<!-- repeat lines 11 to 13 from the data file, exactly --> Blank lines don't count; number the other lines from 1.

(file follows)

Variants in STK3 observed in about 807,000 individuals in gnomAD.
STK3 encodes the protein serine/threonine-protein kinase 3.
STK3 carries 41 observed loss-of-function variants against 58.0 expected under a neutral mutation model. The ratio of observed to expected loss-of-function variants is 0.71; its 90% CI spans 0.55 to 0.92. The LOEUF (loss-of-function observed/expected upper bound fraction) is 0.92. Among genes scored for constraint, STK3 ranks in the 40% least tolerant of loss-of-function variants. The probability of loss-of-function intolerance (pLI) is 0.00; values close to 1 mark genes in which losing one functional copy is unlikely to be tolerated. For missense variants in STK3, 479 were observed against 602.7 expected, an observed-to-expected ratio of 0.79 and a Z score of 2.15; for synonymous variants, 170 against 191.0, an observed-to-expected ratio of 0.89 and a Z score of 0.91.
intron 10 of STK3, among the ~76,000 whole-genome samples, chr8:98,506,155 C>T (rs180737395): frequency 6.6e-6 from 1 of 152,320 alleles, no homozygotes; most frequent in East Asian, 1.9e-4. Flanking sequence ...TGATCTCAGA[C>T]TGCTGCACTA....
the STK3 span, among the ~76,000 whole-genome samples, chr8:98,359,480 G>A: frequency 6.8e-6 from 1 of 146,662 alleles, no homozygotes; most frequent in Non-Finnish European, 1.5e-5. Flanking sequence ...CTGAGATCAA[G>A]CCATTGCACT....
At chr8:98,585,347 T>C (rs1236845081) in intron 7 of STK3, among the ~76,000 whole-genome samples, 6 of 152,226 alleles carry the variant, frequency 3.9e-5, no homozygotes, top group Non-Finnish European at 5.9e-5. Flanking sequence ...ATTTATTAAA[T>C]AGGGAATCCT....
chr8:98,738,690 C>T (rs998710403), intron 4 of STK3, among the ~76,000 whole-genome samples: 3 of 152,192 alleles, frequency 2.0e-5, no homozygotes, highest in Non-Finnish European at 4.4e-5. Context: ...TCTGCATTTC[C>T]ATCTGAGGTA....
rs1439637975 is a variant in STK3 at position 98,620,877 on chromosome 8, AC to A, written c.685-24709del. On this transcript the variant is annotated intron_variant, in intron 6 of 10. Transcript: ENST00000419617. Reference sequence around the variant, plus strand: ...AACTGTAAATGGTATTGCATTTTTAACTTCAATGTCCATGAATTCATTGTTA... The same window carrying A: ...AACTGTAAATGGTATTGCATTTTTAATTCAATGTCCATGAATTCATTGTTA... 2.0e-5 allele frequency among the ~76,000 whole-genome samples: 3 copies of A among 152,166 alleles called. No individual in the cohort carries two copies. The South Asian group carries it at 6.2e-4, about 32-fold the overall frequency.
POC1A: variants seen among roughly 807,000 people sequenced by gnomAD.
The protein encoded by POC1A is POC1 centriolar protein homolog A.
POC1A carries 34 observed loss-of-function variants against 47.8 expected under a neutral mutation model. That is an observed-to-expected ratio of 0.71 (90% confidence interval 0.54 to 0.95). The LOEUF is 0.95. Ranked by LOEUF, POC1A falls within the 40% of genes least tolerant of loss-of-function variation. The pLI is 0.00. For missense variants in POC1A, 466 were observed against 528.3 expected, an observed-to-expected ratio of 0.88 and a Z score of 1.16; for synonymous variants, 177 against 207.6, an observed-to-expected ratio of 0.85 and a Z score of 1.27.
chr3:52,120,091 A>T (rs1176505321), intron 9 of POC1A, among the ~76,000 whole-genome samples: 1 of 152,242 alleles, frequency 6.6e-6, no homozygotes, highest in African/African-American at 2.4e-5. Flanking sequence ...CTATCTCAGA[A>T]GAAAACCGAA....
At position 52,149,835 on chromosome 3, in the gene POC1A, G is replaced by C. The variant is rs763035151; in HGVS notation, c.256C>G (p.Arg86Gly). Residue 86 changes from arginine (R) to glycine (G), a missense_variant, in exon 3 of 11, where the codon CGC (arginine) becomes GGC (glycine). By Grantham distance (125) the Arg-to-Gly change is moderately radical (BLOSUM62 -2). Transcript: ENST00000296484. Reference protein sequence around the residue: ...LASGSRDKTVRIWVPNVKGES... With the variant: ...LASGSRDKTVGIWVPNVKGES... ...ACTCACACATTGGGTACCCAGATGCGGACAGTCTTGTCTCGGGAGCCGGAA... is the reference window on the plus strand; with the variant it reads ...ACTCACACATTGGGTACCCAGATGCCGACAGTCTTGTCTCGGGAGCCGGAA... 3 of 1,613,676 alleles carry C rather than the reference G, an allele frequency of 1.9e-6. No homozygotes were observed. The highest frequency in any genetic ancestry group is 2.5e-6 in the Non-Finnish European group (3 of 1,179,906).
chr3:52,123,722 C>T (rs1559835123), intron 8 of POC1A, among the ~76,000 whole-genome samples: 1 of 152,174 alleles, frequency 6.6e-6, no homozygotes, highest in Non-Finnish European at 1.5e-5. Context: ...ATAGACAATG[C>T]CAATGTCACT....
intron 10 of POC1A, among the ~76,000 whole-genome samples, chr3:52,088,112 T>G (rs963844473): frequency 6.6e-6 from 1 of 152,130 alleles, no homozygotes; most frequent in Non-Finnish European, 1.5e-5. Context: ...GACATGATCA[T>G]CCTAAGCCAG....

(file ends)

POC1A carries 34 observed loss-of-function variants against 47.8 expected under a neutral mutation model. That is an observed-to-expected ratio of 0.71 (90% confidence interval 0.54 to 0.95). The LOEUF is 0.95. Ranked by LOEUF, POC1A falls within the 40% of genes least tolerant of loss-of-function variation. The pLI is 0.00. For missense variants in POC1A, 466 were observed against 528.3 expected, an observed-to-expected ratio of 0.88 and a Z score of 1.16; for synonymous variants, 177 against 207.6, an observed-to-expected ratio of 0.85 and a Z score of 1.27.
chr3:52,120,091 A>T (rs1176505321), intron 9 of POC1A, among the ~76,000 whole-genome samples: 1 of 152,242 alleles, frequency 6.6e-6, no homozygotes, highest in African/African-American at 2.4e-5. Flanking sequence ...CTATCTCAGA[A>T]GAAAACCGAA....
At position 52,149,835 on chromosome 3, in the gene POC1A, G is replaced by C. The variant is rs763035151; in HGVS notation, c.256C>G (p.Arg86Gly). Residue 86 changes from arginine (R) to glycine (G), a missense_variant, in exon 3 of 11, where the codon CGC (arginine) becomes GGC (glycine). By Grantham distance (125) the Arg-to-Gly change is moderately radical (BLOSUM62 -2). Transcript: ENST00000296484. Reference protein sequence around the residue: ...LASGSRDKTVRIWVPNVKGES... With the variant: ...LASGSRDKTVGIWVPNVKGES... ...ACTCACACATTGGGTACCCAGATGCGGACAGTCTTGTCTCGGGAGCCGGAA... is the reference window on the plus strand; with the variant it reads ...ACTCACACATTGGGTACCCAGATGCCGACAGTCTTGTCTCGGGAGCCGGAA... 3 of 1,613,676 alleles carry C rather than the reference G, an allele frequency of 1.9e-6. No homozygotes were observed. The highest frequency in any genetic ancestry group is 2.5e-6 in the Non-Finnish European group (3 of 1,179,906).